This book follows Sam and his close group of friends through the development, production, and consequences of creating a portable lie detection test. They name it the Truth App. The Truth App begins as a way for them to create a product so the people can have something to fight against their corrupt government. All the propaganda and "news" is created by President Vitnik. They want to expose the lies they are being fed to the entire country. When they get it out into the world, they realize telling the truth comes with consequences they hadn't realized. This was such an interesting read. I really enjoyed that it lead you through all stages of getting the Truth App out into the world. Everything in this book, I could see happening. It was kind of scary and shocking. Lost a star because I wish their had been more conflict between the group and Vitnik. Otherwise, really enjoyed it.
The plot was interesting enough (although predictable). The characters were not.
The Future Will Be BS Free was an amazing read, and that is not BS. In a dystopian future, the global economy has collapsed in a way that has reduced most of the people to homelessness. There aren't jobs for most people, the police and government are corrupt, and there is almost nothing positive going on in the world. When the local gifted and talented high school is eliminated, Sam and his group of friends decide to take some technology they had found and create a portable lie detector. Most of them are in it to get rich, but Theo, the heart of their group, is wanting to create a better world. They finally get their prototype working, and right away they have a buyer. He offers them millions of dollars for all of their research, and a guarantee that they will not recreate their work. When they refuse, Theo turns up dead and the pressure is increased. It becomes a race against time, and against some powerful people. Can Sam and his friends finish their device and get it out to the public before they're stopped? If no one can lie, how will society survive? This book was well written, and had an incredible pace. While almost everything was fully fleshed out, there was plenty of action to keep everything moving. It was odd to see how much happened to make the world worse with the kids' invention, which was a great change from most dystopian YA novels. There were definitely negative responses to what they did, and the main characters had to deal with the fallout of their invention. Their group made tough choices and definitely did things that the "heroes" in stories do not normally do. But when your world is BS free, everyone's faults come out, I guess.Read this book. Join the revolution. Find your truth.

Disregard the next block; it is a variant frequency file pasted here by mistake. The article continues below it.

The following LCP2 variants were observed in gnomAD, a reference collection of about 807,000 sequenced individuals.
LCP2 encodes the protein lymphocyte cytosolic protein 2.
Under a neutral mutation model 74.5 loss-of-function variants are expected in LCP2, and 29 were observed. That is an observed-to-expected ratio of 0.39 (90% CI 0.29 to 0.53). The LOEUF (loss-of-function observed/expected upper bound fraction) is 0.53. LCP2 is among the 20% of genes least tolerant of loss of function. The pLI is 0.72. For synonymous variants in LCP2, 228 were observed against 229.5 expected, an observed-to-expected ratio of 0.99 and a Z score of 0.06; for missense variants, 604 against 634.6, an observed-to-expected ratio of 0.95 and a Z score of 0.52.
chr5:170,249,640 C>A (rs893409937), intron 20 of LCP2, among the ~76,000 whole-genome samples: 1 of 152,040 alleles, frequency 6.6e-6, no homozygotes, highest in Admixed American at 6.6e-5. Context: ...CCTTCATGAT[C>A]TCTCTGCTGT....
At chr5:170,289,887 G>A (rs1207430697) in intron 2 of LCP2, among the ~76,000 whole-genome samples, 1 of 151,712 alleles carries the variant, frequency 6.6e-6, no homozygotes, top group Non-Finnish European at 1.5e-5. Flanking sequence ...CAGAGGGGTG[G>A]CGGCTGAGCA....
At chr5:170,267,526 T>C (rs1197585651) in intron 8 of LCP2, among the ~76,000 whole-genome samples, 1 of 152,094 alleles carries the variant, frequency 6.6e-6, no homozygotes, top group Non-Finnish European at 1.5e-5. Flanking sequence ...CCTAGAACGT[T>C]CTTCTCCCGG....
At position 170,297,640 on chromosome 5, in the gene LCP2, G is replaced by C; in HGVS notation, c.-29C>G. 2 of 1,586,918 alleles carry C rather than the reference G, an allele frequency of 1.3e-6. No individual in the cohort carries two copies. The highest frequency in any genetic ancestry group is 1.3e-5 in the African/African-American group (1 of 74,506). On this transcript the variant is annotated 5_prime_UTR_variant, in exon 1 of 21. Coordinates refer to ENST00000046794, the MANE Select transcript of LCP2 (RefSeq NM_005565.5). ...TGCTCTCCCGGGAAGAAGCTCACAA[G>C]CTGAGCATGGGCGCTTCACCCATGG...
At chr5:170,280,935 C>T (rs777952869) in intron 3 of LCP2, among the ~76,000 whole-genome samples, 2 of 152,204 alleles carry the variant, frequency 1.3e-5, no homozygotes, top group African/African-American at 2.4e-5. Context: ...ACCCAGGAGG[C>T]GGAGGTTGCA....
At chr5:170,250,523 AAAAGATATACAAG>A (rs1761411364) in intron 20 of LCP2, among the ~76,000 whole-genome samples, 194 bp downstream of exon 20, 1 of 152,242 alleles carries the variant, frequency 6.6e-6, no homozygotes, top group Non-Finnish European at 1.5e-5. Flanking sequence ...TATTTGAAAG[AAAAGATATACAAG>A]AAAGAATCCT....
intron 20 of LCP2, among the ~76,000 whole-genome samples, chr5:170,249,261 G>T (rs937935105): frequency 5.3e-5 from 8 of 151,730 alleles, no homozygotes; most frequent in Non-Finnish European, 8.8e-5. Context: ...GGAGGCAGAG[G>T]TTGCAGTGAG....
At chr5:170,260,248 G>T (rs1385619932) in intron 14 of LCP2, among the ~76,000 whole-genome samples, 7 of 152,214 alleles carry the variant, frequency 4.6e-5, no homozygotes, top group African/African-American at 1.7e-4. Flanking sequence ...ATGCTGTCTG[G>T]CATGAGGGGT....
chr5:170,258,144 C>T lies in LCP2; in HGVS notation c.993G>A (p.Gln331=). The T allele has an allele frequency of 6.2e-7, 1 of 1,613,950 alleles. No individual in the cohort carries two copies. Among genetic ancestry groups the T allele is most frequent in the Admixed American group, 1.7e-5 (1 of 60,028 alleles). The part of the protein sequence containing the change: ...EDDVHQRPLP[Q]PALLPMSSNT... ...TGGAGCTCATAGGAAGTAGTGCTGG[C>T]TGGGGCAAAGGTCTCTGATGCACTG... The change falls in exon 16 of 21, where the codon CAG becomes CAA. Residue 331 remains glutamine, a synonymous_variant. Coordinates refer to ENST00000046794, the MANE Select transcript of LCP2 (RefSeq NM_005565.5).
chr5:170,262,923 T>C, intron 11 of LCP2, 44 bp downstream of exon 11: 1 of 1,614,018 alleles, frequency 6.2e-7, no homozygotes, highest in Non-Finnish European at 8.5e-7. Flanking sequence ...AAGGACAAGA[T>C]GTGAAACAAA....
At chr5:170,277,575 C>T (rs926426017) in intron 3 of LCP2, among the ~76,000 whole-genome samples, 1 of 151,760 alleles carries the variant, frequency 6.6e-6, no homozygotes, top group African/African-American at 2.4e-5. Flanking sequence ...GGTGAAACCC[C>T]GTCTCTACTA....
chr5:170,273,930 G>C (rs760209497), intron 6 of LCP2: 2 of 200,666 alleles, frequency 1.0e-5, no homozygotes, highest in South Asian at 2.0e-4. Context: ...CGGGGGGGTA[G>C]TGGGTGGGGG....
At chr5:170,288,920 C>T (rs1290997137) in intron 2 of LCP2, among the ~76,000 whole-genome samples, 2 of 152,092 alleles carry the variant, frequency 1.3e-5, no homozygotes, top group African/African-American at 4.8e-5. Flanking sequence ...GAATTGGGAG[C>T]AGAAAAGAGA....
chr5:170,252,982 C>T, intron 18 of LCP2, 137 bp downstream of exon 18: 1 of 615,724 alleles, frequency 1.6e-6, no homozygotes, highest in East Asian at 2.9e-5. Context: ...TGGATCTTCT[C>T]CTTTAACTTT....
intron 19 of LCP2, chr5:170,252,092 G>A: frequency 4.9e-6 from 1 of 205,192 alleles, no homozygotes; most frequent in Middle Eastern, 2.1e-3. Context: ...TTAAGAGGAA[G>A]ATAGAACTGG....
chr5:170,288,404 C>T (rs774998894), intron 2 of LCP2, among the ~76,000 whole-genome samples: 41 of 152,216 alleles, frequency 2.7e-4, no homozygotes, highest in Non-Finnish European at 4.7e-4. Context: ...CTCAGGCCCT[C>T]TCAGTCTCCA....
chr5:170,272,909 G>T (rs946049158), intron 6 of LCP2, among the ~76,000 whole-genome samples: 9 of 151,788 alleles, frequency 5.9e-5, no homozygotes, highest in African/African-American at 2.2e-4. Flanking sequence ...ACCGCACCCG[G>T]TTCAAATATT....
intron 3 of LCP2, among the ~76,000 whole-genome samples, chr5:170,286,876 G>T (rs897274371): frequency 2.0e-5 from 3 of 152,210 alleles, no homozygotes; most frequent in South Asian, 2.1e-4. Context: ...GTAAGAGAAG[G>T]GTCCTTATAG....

After a slow start, I really enjoyed this book. The message is very Fahrenheit 451/Animal Farm/1984 and seems terrifyingly possible as a near-future dystopia. The president controls everything, the gifted school is closed, the police act with impunity, and fake news reinforces it all. Sam and his friends just want to get rich - except for Theo, who wants to fix the world. So they invent a hand-held lie detector they call the Truth App, but before they can even produce more than a working prototype, Theo is murdered, and the rest of them are being watched and harassed. These teens grow from selfish kids into the leaders of a rebellion.